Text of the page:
8 Emerging Australian Artists Whose Work You Can Still Pick Up for Less Than $1000
When it comes to buying a piece of art, there are a few things to consider. First and foremost should always be your gut feel: Do you love looking at it? Do you feel some kind of affinity to the work or the artist? Will it have a place in your space for years to come? But of course, money is typically an object, and there are few things more disappointing when decorating than seeing something you love only to find out its way out of your price range.
So, how do you ensure you fall in love with something you can actually afford? Keep an eye on local and emerging artists who are creating work that have investment potential and will make a beautiful addition to your space for now and well into the future. Here are eight to get on board with.
8 of the Best New Emerging Australian Artists
1. Ondine Seabrook
A graduate of the prestigious National Art School, Seabrook is making a name for herself in the local art scene and beyond. You can still pick up a few of her previous works (some even under $1000), but be quick because that likely won’t be the case when her show ‘Private Guests Only’ opens in April.
2. Jody Rosen
Jody Rosen's body of work spans across abstracts and landscapes, with works available on paper, canvas and linen. Her primary medium is painting and her small-scale works start at $500; ideal for starting your art collection, building out a gallery wall or adding to an ever-growing collection.
Follow Jody Rosen on Instagram @jodyrosen.
3. Clare Dubina
Dubina is a painter, sculptor and photographer based in Melbourne, who says she’s largely inspired by the female form for her shapely works. It’s not hard to fall in love with the combination of rich earth tones and delicate hues in her paintings, or her striking sculptures, which would sit pretty in any home.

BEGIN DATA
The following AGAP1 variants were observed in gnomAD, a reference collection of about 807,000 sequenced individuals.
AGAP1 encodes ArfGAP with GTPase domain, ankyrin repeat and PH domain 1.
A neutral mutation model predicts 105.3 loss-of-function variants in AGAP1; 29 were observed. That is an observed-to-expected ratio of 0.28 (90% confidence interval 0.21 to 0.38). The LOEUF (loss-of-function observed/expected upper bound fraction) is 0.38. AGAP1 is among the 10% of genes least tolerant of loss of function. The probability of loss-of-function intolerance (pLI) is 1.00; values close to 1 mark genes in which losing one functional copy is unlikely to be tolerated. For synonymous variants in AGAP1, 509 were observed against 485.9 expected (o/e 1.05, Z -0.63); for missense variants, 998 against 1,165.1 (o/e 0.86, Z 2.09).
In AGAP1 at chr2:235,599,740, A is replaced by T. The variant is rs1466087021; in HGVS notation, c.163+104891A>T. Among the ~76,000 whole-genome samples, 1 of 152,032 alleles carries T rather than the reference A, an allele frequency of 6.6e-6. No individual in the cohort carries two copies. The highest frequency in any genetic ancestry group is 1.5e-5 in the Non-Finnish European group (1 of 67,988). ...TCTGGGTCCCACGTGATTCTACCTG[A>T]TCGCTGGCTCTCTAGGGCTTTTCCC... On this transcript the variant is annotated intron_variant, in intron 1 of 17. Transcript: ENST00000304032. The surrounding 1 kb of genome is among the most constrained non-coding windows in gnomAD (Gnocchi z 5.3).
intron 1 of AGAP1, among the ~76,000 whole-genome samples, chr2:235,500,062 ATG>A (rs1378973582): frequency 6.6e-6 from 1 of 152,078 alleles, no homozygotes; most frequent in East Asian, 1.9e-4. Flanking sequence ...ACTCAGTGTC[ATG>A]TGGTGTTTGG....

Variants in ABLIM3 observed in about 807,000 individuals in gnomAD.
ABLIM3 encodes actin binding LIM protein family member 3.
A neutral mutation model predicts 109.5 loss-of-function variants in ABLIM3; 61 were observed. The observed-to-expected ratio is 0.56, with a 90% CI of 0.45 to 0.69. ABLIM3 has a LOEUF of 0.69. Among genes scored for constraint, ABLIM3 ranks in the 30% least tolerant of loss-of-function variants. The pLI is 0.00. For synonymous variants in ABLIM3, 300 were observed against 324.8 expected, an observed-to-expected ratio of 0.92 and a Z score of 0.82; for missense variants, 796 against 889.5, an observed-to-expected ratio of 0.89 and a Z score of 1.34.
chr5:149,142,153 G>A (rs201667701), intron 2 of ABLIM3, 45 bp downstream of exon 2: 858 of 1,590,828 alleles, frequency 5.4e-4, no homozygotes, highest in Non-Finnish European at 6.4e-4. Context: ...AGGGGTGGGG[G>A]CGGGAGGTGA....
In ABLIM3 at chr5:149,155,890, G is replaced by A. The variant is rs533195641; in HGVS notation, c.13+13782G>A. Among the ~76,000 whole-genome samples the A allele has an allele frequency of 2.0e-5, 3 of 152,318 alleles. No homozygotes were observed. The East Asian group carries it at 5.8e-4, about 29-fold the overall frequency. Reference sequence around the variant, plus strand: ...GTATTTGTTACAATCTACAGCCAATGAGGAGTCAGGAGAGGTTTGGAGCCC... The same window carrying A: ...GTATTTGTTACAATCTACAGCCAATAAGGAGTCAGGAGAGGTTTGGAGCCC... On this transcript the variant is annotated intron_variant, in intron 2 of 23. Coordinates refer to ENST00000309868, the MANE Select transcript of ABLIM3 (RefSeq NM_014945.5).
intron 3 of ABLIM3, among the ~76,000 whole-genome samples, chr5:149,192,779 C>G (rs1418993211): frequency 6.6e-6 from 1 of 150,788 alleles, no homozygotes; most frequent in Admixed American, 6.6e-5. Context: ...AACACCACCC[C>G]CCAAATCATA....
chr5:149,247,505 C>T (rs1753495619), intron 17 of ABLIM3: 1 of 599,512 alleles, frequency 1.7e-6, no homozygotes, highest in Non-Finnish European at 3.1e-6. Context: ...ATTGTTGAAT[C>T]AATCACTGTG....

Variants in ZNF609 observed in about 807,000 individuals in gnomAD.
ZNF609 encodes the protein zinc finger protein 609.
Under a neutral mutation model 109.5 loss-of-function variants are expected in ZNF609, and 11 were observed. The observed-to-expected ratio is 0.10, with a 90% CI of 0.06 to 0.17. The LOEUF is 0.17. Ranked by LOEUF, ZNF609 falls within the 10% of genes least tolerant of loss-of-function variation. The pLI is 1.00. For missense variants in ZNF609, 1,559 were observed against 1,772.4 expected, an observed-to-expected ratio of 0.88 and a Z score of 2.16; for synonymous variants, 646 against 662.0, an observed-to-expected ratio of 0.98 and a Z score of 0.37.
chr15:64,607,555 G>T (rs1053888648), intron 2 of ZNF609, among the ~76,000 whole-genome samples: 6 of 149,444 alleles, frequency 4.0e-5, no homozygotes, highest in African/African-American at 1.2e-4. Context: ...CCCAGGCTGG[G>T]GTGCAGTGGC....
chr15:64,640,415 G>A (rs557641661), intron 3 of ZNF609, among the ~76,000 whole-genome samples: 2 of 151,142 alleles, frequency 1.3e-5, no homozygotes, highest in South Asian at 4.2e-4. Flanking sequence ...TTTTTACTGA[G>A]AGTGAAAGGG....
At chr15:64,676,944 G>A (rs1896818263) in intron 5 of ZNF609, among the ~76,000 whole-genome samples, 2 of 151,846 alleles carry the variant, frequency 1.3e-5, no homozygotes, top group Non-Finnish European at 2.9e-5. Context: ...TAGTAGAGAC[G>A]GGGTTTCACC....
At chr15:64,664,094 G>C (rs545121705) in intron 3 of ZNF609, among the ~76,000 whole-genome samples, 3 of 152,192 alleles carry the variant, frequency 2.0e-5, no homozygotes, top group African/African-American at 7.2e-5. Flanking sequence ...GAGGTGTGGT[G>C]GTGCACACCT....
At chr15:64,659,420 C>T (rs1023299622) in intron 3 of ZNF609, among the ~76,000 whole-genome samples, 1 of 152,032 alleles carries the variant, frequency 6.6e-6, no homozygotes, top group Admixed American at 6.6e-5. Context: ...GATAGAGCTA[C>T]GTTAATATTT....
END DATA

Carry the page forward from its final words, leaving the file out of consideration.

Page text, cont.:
4. Lucinda Jones
Depicting leisurely beachgoers and other high summer scenes, Lucinda’s works are ideal for a life spent by a body of water (whether that’s your real or dream, situation). You can still pick up many of her original pieces for under $1000, and she also does prints to make acquiring one of her works even more affordable.
5. Nick Ferguson
Having been born in Kenya but relocating to Newcastle at a young age, Ferguson has won several local art awards - an impressive feat for a self-taught artist. His recent work has centred around Australian swimming holes, highlighting both the natural elements of those places, and the human encounters that take place there. If you’re in Sydney, you can check out his current exhibition The Flicker at Botany’s Art Atrium until March 6.
Follow Nick on Instagram @nickjferguson.
6. Mia Boe
Brisbane-born artist Mia Boe’s work has appeared in her home city’s Institute of Modern Art and the Museum of Brisbane, where she recently completed a residency. Exploring (among other things) the experiences and struggles unique to Australia’s Indigenous peoples, Mia says her work aims to “record and recover Indigenous histories which Australia seeks to deny.”
7. Bridgette McNab
A twice-finalist in the Archibald Prize - most recently for her 2019 portrait of fashion designer Karla Špetić - Melbourne-based McNab’s work is instantly recognisable for its hyper realistic figures painted with acute attention to detail and expression. Her vibrant use of colour and cinematic scenes would make for a talking point in any living room - and a worthy investment.
8. Giorgia Bel
Self-taught artist Giorgia Bel has spoken about using painting to help her cope with chronic health issues and anxiety, and seeking solace in nature. As such, her works are often calming depictions of the Australian bush, native florals and domestic scenes, such as fruit and vases.
Her work is available through various galleries and stores, so best to check her out on Instagram to eye her work. Follow her on Instagram @giorgiabelartist.